How Gender Equal is the Alternative Rock Scene?

How Gender Equal is the Alternative Rock Scene?

Lorde was the first woman in 17 years to top Billboard Magazine’s Alternative Songs Chart as a soloist. 17 years!

Kim Gordon of Sonic Youth in a 2014 interview in The Guardian: “We were around people who felt like, ‘We’re groovy, we’re cool,’ but they were so sexist”

Has gender equality has reached a truly balanced level? In a perfect world, equal opportunity should be given to everyone, enabling any given soul to blossom – but there are certain sectors that still host gender discrimination whether it’s intentional or not. It’s seen a lot in positions high up the ladder, with men continuing to make up the majority of workers in the top 10% of earners.

Gender discrimination is a given in the corporate sector, but is there still a gender divide in the realm of creative jobs that offer more freedom and scope for involvement? The alternative rock scene includes an array of bands and solo artists, each expressing their individual style and vibe, but is gender favouritism still churning its rusty old chauvinist cogs within the more experimental of the music realms?

Lorde was the first woman in 17 years to top Billboard Magazine’s Alternative Songs Chart as a soloist. Billboard Magazine is a credible music website and this is just one example, but it still indicates a distinct hesitancy in the mucic industry to honour female alternative musicians. Could this be an underlying male bias – or are male musicians simply embraced more than female ones? Even if it’s the latter, you have to consider whether women in the alternative rock scene are given enough coverage in the first place. You can’t judge and celebrate ‘a top ten list’ when so many of the relevant acts haven’t even been presented to you. To remedy the reduced showcasing of women in alternative rock, a whole culture would have to engage in deep-down change… from record labels penning deals through to airtime and marketing. If it’s not out there to see… then you’re bound to miss it out.

Perhaps the alternative rock industry is simply going through a bad patch at the moment. After all, in the 90s we had various prominent females who were famously celebrated as icons for both women and men. The likes of Garbage, Alanis Morisette, Bjork and Courtney Love’s Hole (and Sonic Youth’s Kim Gordon, pictured above) were all smashing their way to stardom. It resumed with the Yeah Yeah Yeah‘s and PJ Harvey, and much more recently Paramore’s frontwoman Hayley Williams. There are other female musicians and contributors to music who go under the social radar but still pump out great sounds – groups such as Metric, Emily Armstrong and Siouxsie Medley from Dead Sara, Flyleaf and legendary sound engineer Emily B Lazar. They’re feted in the alternative music domain, but you have to wonder what sacrifices they had to make compared to men. You can’t help wondering how they were treated and what their current experience is of life inside the industry.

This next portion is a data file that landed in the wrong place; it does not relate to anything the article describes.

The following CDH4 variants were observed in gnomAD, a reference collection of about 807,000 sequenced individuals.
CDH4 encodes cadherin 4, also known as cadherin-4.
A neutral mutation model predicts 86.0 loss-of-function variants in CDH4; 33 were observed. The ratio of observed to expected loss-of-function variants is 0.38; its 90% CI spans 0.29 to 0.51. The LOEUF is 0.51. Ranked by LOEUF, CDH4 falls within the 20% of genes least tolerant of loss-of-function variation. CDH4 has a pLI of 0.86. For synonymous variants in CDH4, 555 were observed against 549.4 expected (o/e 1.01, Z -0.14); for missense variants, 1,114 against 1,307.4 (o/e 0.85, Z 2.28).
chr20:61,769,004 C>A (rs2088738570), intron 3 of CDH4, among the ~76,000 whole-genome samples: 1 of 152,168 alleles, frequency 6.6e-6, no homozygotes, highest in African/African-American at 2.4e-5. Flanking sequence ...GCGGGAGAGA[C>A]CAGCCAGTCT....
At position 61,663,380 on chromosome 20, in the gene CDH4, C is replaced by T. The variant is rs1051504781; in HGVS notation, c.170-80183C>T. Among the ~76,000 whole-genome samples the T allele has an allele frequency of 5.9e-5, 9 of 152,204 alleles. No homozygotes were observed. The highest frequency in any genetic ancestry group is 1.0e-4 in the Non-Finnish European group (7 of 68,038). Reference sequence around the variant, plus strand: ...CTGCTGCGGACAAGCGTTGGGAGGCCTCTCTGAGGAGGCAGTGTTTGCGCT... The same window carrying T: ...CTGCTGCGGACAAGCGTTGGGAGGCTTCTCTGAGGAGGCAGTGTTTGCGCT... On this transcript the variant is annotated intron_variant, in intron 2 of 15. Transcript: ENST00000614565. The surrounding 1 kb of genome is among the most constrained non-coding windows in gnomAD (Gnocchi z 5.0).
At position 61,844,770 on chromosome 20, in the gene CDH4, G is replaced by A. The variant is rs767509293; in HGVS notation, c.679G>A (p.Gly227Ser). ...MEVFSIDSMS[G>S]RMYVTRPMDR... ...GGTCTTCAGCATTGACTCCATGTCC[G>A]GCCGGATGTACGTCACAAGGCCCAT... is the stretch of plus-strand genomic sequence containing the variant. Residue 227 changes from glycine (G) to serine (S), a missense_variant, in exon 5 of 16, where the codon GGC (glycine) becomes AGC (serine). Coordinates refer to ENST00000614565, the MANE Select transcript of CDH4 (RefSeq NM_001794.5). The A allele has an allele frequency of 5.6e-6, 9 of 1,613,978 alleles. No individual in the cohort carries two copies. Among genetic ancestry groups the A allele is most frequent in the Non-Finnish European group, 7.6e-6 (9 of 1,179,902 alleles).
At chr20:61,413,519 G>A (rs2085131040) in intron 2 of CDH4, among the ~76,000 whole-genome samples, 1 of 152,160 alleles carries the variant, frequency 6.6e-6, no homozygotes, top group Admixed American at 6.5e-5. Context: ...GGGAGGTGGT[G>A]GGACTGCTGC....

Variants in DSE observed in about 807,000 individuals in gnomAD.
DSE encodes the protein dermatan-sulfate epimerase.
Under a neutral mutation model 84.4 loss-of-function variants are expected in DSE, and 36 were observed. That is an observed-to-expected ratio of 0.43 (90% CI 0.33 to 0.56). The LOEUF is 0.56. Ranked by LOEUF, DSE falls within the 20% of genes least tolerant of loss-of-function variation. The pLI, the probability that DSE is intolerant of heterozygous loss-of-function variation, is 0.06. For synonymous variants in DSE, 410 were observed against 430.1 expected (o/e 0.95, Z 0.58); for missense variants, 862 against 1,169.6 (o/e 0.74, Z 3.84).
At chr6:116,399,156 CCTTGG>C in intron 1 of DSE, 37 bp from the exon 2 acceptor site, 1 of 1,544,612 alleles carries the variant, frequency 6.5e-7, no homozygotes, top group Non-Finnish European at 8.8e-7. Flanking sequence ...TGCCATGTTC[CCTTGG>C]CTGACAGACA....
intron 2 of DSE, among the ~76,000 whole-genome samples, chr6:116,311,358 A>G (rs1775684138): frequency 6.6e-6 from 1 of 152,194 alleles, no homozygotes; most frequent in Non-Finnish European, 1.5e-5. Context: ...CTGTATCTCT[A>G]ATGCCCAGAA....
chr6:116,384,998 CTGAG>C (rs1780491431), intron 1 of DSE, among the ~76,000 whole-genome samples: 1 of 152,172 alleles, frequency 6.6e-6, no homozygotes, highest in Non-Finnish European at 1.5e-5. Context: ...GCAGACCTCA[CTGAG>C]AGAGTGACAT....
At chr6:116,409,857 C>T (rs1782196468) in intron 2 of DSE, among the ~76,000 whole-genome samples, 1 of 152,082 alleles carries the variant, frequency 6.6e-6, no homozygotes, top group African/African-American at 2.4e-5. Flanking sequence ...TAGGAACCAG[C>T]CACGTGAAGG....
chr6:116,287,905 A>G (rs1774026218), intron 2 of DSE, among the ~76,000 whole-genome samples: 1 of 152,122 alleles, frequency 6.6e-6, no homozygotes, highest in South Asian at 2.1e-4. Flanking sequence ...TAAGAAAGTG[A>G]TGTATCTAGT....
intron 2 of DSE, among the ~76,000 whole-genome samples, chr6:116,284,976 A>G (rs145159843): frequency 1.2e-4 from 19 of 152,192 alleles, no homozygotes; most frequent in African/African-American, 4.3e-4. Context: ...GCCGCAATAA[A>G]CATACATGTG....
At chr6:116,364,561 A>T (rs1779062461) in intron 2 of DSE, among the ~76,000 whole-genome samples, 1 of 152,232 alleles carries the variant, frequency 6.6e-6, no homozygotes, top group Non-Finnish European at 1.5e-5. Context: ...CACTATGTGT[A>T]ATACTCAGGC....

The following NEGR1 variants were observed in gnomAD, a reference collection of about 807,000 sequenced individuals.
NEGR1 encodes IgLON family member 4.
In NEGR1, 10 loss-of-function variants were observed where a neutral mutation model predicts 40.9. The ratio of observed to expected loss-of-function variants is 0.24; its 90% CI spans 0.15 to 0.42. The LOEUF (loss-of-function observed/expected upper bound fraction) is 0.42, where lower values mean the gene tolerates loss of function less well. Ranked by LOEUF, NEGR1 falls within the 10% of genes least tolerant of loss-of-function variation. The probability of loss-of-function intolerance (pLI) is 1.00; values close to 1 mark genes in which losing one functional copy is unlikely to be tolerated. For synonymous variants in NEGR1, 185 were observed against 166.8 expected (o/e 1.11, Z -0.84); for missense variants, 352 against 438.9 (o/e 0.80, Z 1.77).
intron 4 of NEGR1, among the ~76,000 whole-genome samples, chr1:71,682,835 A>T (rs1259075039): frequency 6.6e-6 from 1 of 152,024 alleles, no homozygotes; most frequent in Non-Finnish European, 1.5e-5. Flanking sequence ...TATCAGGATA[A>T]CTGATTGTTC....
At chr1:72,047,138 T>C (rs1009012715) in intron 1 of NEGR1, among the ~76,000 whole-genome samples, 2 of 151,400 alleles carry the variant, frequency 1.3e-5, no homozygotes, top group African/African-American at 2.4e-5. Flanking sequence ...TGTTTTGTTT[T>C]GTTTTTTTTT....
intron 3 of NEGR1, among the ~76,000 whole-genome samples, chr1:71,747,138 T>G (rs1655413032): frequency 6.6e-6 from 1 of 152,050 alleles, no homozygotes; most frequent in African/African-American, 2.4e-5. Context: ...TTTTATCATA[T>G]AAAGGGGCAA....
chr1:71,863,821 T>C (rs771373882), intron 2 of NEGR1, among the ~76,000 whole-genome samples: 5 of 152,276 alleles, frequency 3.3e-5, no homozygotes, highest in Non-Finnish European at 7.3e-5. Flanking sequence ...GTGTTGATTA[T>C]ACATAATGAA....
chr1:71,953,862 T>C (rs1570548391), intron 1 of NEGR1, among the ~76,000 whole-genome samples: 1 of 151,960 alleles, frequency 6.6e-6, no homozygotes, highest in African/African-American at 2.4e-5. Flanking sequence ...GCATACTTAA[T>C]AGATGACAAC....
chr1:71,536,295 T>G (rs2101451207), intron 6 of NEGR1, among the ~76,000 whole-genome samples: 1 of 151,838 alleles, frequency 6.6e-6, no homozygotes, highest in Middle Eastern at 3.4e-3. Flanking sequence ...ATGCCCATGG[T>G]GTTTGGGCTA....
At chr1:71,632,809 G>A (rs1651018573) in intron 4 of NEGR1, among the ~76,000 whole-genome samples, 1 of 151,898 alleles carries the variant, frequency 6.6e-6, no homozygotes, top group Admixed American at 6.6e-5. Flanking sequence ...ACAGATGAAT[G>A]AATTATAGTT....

The bottom line is that the alternative music scene is still widely regarded as a male-dominated playground where women are showcased only if they meet the attractive/outlandish quota. Who, then, is at fault for a potential failure of equal opportunity within alternative music? Some may argue that whilst there remains a standard male hierarchy right at the top of media you won’t be able to change anything. However, a more positive media slant can help to tweak alternative music’s order and identity.

Advertisers, record labels and festival event co-ordinators in control of billing can all try and adopt a fresh way of thinking and implement a fairer stance by featuring an equal number of acts that represent each gender. Once the musical diet of the masses is changed they’ll soon adjust to the added nutritional value, probably without even noticing, and then the whole perception of one gender being more dominant or better than others will adapt accordingly. The receiver (that’s us as an audience) can also help create a more even playing field. Why is it that women are comfortable declaring their love for male bands but it’s rare to see a man wearing a band t-shirt acknowledging a female artist? All these little things are sure to contribute.

This gender divide extends beyond alternative rock music. It’s a negative cultural habit. Even when women do end up at the front of the pack, there’s a risk of them being represented incorrectly, with stereotypes or in a manner that degrades the female identity. Music without women would be utterly boring and the same applies to all genders, so it’s about finding that fabled harmonic symmetry which offers audiences an opportunity to hear all the music out there.


write for Mookychick